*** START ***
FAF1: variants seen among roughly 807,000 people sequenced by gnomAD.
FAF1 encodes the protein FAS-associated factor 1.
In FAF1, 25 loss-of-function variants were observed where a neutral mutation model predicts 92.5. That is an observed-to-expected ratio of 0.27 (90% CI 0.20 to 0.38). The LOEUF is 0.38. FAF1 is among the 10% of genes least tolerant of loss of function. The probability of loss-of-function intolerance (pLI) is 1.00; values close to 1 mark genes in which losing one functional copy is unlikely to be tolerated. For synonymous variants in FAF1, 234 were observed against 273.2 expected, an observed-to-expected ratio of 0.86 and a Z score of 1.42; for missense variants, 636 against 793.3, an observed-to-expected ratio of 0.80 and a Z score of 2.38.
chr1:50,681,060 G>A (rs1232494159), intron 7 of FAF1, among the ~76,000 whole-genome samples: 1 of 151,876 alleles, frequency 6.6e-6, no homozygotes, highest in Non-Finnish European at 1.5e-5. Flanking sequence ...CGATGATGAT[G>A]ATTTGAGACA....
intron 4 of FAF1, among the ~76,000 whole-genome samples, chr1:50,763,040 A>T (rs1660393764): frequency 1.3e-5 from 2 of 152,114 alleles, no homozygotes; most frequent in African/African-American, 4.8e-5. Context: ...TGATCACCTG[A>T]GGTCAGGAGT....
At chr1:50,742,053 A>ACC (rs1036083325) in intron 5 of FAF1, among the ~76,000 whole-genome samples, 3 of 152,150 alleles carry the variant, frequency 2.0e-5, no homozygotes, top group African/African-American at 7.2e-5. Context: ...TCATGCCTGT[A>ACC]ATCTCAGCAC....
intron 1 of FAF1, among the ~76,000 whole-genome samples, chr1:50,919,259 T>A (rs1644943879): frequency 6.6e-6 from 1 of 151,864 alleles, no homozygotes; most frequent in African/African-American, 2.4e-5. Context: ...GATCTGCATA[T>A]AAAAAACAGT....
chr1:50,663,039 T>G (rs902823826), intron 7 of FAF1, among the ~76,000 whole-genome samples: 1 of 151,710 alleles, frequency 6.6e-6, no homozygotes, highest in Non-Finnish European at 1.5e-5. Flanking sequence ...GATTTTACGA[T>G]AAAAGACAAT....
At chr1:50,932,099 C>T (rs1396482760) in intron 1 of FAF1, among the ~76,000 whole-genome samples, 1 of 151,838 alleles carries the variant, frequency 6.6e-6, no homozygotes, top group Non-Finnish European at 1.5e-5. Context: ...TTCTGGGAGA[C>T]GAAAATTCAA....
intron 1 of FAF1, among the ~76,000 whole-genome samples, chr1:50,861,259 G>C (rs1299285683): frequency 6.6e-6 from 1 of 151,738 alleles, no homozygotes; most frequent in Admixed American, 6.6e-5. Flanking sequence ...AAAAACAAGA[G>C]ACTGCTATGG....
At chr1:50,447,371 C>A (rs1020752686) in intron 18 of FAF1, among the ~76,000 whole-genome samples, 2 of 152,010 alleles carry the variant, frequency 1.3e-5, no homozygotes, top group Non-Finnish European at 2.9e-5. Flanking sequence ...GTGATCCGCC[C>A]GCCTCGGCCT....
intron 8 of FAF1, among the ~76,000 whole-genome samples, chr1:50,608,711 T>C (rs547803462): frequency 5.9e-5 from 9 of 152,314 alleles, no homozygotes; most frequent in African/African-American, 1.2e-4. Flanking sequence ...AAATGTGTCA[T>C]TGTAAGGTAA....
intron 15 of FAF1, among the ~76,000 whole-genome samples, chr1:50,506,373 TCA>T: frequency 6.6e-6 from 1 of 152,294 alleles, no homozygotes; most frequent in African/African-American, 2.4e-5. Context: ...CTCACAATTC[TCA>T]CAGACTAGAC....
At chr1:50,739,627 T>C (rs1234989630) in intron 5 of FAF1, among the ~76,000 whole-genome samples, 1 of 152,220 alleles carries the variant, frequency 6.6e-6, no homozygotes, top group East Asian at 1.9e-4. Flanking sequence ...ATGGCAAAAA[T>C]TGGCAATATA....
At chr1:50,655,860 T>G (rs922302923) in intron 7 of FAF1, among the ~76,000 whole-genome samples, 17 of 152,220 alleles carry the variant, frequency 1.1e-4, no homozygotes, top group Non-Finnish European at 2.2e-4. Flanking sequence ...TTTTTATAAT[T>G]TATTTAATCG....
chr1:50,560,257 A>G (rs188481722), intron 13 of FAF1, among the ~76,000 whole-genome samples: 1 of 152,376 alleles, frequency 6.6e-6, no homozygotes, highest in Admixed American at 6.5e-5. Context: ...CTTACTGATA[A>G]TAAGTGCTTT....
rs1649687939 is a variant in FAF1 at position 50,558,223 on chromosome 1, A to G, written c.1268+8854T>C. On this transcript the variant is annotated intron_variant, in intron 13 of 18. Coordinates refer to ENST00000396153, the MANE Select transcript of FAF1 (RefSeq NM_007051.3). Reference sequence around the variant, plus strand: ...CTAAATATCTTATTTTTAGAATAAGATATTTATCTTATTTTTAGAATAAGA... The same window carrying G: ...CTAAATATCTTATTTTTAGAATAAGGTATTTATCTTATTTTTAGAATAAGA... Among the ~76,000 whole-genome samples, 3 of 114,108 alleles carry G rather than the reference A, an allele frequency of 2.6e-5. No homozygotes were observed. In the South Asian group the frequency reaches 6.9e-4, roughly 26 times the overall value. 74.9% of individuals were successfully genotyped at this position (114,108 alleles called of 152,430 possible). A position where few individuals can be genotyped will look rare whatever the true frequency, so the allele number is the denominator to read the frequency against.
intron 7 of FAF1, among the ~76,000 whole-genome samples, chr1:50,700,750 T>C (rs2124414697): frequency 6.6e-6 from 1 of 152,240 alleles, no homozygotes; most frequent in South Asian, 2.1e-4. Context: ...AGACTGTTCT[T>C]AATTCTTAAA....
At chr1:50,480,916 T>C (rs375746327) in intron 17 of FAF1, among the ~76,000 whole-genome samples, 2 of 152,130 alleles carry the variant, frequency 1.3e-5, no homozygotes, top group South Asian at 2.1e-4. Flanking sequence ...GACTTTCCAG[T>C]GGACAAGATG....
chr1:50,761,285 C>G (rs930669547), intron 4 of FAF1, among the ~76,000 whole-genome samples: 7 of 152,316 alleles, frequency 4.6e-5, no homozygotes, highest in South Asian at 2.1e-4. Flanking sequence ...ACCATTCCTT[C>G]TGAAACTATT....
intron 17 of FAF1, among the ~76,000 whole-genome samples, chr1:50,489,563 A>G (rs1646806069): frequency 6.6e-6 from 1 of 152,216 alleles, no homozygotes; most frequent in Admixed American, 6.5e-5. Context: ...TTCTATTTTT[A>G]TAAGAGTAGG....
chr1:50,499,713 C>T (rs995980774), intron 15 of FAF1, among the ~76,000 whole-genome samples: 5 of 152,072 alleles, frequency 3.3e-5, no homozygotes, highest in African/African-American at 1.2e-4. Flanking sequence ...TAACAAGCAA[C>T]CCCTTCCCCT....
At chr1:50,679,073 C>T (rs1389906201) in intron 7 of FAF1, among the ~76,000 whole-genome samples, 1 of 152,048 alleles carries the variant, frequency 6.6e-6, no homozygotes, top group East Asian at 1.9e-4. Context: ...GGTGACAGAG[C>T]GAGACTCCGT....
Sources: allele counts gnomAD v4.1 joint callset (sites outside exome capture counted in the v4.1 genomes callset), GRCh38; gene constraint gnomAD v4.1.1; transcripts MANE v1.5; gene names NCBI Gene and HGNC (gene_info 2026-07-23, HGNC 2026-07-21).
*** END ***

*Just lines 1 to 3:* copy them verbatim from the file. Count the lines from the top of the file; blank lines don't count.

FAF1: variants seen among roughly 807,000 people sequenced by gnomAD.
FAF1 encodes the protein FAS-associated factor 1.
In FAF1, 25 loss-of-function variants were observed where a neutral mutation model predicts 92.5. That is an observed-to-expected ratio of 0.27 (90% CI 0.20 to 0.38). The LOEUF is 0.38. FAF1 is among the 10% of genes least tolerant of loss of function. The probability of loss-of-function intolerance (pLI) is 1.00; values close to 1 mark genes in which losing one functional copy is unlikely to be tolerated. For synonymous variants in FAF1, 234 were observed against 273.2 expected, an observed-to-expected ratio of 0.86 and a Z score of 1.42; for missense variants, 636 against 793.3, an observed-to-expected ratio of 0.80 and a Z score of 2.38.